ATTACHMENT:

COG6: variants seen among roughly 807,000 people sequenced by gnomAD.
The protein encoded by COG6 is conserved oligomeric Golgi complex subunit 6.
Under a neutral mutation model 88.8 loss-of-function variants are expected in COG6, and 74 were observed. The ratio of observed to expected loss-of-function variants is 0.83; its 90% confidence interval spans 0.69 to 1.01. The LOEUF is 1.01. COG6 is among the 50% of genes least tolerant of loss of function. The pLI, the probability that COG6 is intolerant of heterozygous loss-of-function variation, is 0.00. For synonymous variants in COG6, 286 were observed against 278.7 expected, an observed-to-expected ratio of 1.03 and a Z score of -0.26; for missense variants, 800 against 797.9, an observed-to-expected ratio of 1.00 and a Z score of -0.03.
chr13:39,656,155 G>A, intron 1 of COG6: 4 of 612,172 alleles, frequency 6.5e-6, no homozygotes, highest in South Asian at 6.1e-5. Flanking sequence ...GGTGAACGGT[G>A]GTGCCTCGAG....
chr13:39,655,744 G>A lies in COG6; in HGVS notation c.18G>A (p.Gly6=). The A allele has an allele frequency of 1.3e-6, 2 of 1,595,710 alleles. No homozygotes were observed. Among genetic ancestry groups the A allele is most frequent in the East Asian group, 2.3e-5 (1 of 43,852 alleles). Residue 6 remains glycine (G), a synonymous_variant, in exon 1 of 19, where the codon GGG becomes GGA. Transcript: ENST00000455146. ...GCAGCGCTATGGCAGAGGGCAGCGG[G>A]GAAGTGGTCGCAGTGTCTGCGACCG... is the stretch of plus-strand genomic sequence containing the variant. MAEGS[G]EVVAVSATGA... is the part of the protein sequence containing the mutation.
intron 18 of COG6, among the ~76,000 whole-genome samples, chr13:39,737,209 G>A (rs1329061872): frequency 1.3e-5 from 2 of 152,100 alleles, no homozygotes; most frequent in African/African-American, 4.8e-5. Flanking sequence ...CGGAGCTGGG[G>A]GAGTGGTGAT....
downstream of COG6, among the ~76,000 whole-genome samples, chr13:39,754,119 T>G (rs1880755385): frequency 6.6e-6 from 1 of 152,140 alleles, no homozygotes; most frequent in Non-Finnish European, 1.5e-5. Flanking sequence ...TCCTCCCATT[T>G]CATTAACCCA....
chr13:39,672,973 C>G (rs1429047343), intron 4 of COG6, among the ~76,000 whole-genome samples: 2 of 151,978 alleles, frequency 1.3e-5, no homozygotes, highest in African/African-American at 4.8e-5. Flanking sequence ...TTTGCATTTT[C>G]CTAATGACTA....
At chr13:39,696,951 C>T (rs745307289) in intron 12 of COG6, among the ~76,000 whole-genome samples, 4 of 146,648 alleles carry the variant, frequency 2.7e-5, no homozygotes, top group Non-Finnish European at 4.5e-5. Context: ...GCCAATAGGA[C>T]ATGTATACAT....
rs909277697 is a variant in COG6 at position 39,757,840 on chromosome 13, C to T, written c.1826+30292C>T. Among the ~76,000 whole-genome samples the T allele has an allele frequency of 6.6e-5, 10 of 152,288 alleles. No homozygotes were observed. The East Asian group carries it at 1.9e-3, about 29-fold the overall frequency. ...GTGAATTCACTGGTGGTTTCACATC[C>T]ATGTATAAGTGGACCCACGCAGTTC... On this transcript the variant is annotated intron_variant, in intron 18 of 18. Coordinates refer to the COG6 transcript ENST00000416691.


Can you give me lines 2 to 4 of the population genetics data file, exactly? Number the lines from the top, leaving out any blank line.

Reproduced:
The protein encoded by COG6 is conserved oligomeric Golgi complex subunit 6.
Under a neutral mutation model 88.8 loss-of-function variants are expected in COG6, and 74 were observed. The ratio of observed to expected loss-of-function variants is 0.83; its 90% confidence interval spans 0.69 to 1.01. The LOEUF is 1.01. COG6 is among the 50% of genes least tolerant of loss of function. The pLI, the probability that COG6 is intolerant of heterozygous loss-of-function variation, is 0.00. For synonymous variants in COG6, 286 were observed against 278.7 expected, an observed-to-expected ratio of 1.03 and a Z score of -0.26; for missense variants, 800 against 797.9, an observed-to-expected ratio of 1.00 and a Z score of -0.03.
chr13:39,656,155 G>A, intron 1 of COG6: 4 of 612,172 alleles, frequency 6.5e-6, no homozygotes, highest in South Asian at 6.1e-5. Flanking sequence ...GGTGAACGGT[G>A]GTGCCTCGAG....